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Firefox 3.5 'Web upgrade' planned for end of June
- From: Brian Warkoczeski
- Date: Wed Jun 17 10:58:52 2009
Firefox 3.5 'Web upgrade' planned for end of June
by Stephen Shankland
June 16, 2009
Mozilla plans to issue a release candidate for Firefox 3.5 on Friday and
the final version by the end of the month, Firefox director Mike
Beltzner said Tuesday.
The browser, code-named Shiretoko, began its life as a modest 3.1
upgrade. But as Mozilla's ambitions expanded and other browsers such as
Google Chrome exerted competitive pressure, the new Firefox was promoted
to version 3.5 and its planned ship date slid back several months. You
can grab the Firefox 3.5 beta for Windows, Mac, and Linux.
Firefox 3.5 comes with a spate of new features--5,000 total, according
to Mozilla. Among the major ones: built-in video; local storage to
enable richer Web applications that can work even with no network
connection; a private browsing mode; geolocation to aid Web pages that
can benefit from knowing a user's location; and faster performance
"We've added technology we think upgrades the Web itself," Beltzner said.
Mozilla squeezed in a post-beta-4, pre-RC1 Firefox update last week, and
the official release candidate 1 will get mostly a handful of changes to
said. And because of Firefox's extensive beta-testing network--800,000
people use the beta versions--Mozilla expects that RC1 will be the sole
"We're aiming the final release around the end of the month," Beltzner said.
Firefox trails only Internet Explorer in market share, and Mozilla says
its use is growing fast.
Update 12 p.m. PDT: Other features in Firefox 3.5 include support for
Web workers, which can enable browser-based applications to run in the
background; personas to more easily provide themes; downloadable fonts;
better built-in graphics technology through CSS (Cascading Style Sheets)
and SVG (Scalable Vector Graphics) standards; the ability to delete
browsing traces for a recent period of time or specific Web site; and
for better communications between a browser and server.
What's after Firefox 3.5?
Mozilla has a number of improvements in mind for the successor to
Firefox 3.5, code-named Namoroka, and Beltzner said programmers are
eager to get 3.5 out so they can get cracking.
One is a process isolation technology called Electrolysis that should
help protect Firefox from crashes, said Damon Sicore, director of
platform engineering. Competing browsers' process isolation can help
keep the browser running even when one page or plug-in misbehaves, but
Firefox today crashes in its entirety, employing the less graceful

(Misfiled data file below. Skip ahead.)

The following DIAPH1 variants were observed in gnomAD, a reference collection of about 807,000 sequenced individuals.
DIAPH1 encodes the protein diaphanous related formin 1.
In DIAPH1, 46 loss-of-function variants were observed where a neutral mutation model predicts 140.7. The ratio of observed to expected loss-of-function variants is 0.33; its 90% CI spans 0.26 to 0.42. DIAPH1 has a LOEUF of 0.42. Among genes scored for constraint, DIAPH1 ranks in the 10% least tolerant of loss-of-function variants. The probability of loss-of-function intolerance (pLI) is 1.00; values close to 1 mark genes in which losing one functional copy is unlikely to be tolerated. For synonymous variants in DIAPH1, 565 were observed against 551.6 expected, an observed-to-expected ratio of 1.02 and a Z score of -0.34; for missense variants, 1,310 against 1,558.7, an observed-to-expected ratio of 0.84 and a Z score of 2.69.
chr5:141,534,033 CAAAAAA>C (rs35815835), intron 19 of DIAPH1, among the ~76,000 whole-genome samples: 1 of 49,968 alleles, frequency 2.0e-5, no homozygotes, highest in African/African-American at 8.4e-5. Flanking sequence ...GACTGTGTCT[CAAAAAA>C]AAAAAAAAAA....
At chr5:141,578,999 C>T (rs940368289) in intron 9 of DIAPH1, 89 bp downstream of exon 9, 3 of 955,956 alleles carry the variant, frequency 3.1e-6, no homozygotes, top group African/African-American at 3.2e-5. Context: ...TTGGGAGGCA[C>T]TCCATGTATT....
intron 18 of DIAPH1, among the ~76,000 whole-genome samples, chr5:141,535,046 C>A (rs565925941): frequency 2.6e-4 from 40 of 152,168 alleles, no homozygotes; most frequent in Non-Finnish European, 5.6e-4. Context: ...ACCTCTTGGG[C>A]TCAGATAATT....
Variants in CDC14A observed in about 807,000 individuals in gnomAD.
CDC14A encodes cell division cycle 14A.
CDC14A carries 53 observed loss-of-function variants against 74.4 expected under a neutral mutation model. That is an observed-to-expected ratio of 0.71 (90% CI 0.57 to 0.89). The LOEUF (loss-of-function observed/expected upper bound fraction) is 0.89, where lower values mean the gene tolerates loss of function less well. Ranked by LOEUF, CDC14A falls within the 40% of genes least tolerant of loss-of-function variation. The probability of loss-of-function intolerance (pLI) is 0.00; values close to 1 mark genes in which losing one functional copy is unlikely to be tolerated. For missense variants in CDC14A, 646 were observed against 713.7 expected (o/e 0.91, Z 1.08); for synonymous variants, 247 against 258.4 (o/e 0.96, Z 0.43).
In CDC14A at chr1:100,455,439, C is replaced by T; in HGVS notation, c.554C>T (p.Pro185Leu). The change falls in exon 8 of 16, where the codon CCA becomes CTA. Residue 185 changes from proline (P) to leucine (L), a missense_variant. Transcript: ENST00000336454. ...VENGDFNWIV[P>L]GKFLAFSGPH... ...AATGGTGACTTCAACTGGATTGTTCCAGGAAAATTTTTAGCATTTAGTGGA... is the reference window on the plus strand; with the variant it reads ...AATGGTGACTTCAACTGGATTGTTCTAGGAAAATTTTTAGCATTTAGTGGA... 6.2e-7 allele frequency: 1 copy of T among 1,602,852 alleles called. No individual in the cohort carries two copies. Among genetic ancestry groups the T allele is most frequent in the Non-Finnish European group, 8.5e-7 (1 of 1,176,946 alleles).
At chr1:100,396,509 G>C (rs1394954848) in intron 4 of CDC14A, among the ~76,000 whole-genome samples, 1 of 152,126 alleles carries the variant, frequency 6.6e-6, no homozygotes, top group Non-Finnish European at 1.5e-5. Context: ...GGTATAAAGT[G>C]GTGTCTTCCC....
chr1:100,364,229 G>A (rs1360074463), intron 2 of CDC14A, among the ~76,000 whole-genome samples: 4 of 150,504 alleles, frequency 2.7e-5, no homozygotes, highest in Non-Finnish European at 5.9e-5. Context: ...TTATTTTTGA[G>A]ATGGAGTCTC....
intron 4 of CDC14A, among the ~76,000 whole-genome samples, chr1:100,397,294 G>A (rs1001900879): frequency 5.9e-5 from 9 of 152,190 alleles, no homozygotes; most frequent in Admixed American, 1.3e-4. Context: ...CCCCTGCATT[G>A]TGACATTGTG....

approach of trying to reopen the pages upon restart.
The first phase of Electrolysis will be to isolate plug-ins such as
Adobe Systems' Flash so a problem won't crash the whole browser, Sicore
said. "It's going faster than we expected. By the end of July we hope to
have a prototype," a separate development version of Firefox where the
technology can be tested, he said.
Next up for Electrolysis will be a broader isolation technology that
separates the processes of tabs, he said. "The goal for that is
somewhere around the end of year in prototype form," Sicore said.
Also in the future is a 64-bit version of Firefox for Mac OS X. "We have
people working on that now, a 64-bit version on Mac OS X. The majority
of that is supposed to be done by end of quarter," Sicore said. Again,
loose deadline is for prototype work, not a production version.
Apple's new Snow Leopard operating system is fully 64-bit, including
Most Firefox add-ons should move easily to 64-bit versions, Beltzner
said, unless they include binary software compiled specifically for
32-bit operating stems.
Though 64-bit Windows is now arriving, "It's not one of our
supported-tier platforms," Beltzner said.
Firefox also plans to improve performance in Namoroka, including
start-up time and user interface responsiveness.
Firefox in second place
Firefox broke the lock Microsoft's Internet Explorer had on the browser
market, and now there's abundant competition. Apple's new Safari 4 works
both on Mac OS X and Windows, Google's Chrome is advancing the
performance agenda, and Opera is trying to advance the state of Web
But Mozilla has a big leg up on other IE rivals. Based on the number of
machines that ping Mozilla's servers, the organization estimates there
are 300 million Firefox users worldwide--a major increase from the 175
million a year ago when Firefox 3.0 was released amid "Download Day"
promotional fanfare. According to NetApplications, Firefox has 22.5
percent share, a number that Beltzner said corresponds reasonably well
with Firefox's own measurements.
"Our growth has been steady and strong throughout the past year,"
One of Firefox's competitive advantages is an active community, not just
the open-source coders who help Mozilla with the core programming but
also vocal fans, translators, testers, and programmers who write
add-ons. That community has been helpful in places like Poland, where
Firefox has nearly 50 percent market share, and Indonesia, where it has
the majority, Beltzner said.